The recent fungal meningitis outbreak continues to spread, as more innocent patients have been diagnosed over the past week. Experts explain that those affected may suffer from a fever, headache, stiff neck, nausea and vomiting, sensitivity to light, and altered mental status. Patients are urged to seek medical attention if they experience “visual changes, pain, redness or discharge from the eye, chest pain or drainage from the surgical site.” Doctors are urged to contact patients who have been treated with medications distributed by the New England Compounding Center (“NECC”). The NECC agreed to cooperate with the ongoing investigation to find the specific cause for the outbreaks and the medications affected. Their Massachusetts pharmacy has suspended operations until further notice and recalled all of its products.
Since meningitis is a life-threatening illness, federal authorities are taking this investigation seriously and will continuously update their website with pertinent findings. According to the Centers for Disease Control and Prevention, there have been 15 deaths and 214 illnesses associated with the tainted drugs distributed by the NECC in Framingham, Massachusetts. When the drugs were discovered to be tainted, the Food and Drug Administration (“FDA”) issued a warning, claiming that only people with back injuries who received an injected steroid medication would be adversely affected. New studies indicate, however, that there are several drugs from the NECC that can cause other illnesses. These drugs include another injected steroid as well as medications for heart and eye surgery.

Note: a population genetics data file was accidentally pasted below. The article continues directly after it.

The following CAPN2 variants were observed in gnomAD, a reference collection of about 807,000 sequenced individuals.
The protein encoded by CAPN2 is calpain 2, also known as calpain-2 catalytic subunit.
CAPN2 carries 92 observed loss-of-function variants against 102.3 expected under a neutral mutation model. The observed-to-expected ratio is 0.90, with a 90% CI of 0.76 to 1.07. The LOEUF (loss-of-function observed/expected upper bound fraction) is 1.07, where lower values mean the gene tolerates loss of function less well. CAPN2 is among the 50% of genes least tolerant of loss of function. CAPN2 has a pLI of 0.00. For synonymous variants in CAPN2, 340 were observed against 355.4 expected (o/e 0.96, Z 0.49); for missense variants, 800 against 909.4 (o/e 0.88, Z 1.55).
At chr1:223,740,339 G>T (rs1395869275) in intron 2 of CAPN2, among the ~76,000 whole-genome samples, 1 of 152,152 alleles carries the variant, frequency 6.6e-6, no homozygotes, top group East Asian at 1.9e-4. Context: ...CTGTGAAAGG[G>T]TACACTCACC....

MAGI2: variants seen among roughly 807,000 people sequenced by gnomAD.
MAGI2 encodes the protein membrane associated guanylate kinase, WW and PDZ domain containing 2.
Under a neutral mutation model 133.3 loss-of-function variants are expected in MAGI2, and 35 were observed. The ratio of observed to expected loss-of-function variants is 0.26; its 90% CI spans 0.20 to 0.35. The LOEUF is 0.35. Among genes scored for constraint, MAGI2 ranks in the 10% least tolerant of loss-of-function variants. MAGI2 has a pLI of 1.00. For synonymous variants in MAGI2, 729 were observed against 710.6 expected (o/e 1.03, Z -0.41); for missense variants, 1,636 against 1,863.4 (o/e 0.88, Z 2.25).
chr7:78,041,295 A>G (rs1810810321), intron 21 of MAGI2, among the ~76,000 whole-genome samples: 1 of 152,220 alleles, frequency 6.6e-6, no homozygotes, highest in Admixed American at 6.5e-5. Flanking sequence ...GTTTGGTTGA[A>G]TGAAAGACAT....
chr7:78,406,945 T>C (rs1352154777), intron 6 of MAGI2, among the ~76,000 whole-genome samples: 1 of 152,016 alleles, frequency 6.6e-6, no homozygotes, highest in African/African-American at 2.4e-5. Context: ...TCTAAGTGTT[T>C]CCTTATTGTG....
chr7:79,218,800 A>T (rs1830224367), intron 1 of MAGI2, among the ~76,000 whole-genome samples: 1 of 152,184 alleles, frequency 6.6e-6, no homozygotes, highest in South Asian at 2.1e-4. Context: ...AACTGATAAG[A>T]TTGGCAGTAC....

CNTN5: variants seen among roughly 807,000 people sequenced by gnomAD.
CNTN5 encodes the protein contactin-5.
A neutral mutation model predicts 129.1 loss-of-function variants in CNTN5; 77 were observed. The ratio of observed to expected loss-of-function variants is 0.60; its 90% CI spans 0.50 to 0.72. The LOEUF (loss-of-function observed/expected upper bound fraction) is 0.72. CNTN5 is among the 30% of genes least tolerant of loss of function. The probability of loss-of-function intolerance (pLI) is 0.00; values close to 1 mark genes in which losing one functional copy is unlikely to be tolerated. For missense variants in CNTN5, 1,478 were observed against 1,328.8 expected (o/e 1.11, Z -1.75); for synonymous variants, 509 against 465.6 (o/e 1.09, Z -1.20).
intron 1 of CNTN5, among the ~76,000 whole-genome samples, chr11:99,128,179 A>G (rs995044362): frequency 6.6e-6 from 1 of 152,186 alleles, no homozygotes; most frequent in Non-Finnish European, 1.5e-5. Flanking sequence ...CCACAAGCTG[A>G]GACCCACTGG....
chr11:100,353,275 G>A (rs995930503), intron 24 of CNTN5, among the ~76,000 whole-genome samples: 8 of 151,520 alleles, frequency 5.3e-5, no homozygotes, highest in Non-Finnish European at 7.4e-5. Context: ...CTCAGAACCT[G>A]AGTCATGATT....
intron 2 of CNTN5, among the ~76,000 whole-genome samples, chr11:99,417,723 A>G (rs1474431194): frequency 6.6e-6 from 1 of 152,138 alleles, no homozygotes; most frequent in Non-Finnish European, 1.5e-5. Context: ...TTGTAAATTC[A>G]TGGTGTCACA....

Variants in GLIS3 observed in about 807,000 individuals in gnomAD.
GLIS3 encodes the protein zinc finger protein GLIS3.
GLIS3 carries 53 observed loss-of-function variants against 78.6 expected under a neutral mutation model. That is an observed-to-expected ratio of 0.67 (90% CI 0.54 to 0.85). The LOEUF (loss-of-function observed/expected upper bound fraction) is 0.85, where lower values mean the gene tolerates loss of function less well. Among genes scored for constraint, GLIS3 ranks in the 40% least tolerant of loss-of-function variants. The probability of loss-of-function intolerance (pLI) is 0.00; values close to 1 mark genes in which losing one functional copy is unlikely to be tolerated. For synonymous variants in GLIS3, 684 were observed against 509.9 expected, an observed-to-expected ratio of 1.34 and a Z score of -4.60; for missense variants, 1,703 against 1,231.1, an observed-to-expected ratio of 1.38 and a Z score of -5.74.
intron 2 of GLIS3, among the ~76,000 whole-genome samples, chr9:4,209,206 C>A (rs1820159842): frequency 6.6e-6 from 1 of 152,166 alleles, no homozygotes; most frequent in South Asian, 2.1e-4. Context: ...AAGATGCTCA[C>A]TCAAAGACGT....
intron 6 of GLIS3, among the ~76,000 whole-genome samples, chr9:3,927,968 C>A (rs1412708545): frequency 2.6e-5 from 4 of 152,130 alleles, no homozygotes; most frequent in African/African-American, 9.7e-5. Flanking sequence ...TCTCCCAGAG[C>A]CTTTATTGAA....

As of October 15th, the FDA officially announced that “As a result of the ongoing investigation of NECC, a patient with possible meningitis potentially associated with epidural injection of an additional NECC product, triamcinolone acetonide, has been identified.” A cardioplegic solution, issued by the NECC to be used during open heart surgery, has also been associated with the infection. While the FDA has not made any conclusions about the NECC or the links of these products to meningitis, warnings have been issued as a precautionary measure.
The FDA has provided guidance for medical providers to cease use of all NECC products and how to safely contain these products. Medical professionals can look up the NECC online to see identifying marks that can be found on their products, such as their company logo. Notification of symptoms can be overwhelming for medical professionals at this time, and so, the FDA advises that “face-to-face communication with patients is not necessary.” However, if a medical professional has determined that a patient has adverse reactions to one of the medications identified above, they should report these findings to the FDA’s MedWatch program.
Therefore, a patient who has any of the symptoms above as a result of medical treatment received on or after May 21, 2012 should communicate with a medical professional to make sure that he or she has not been infected with the dangerous fungus.
Source: FDA Broadens Tainted Steroid Warning to Include Other Drugs, Boston Herald, October 16, 2012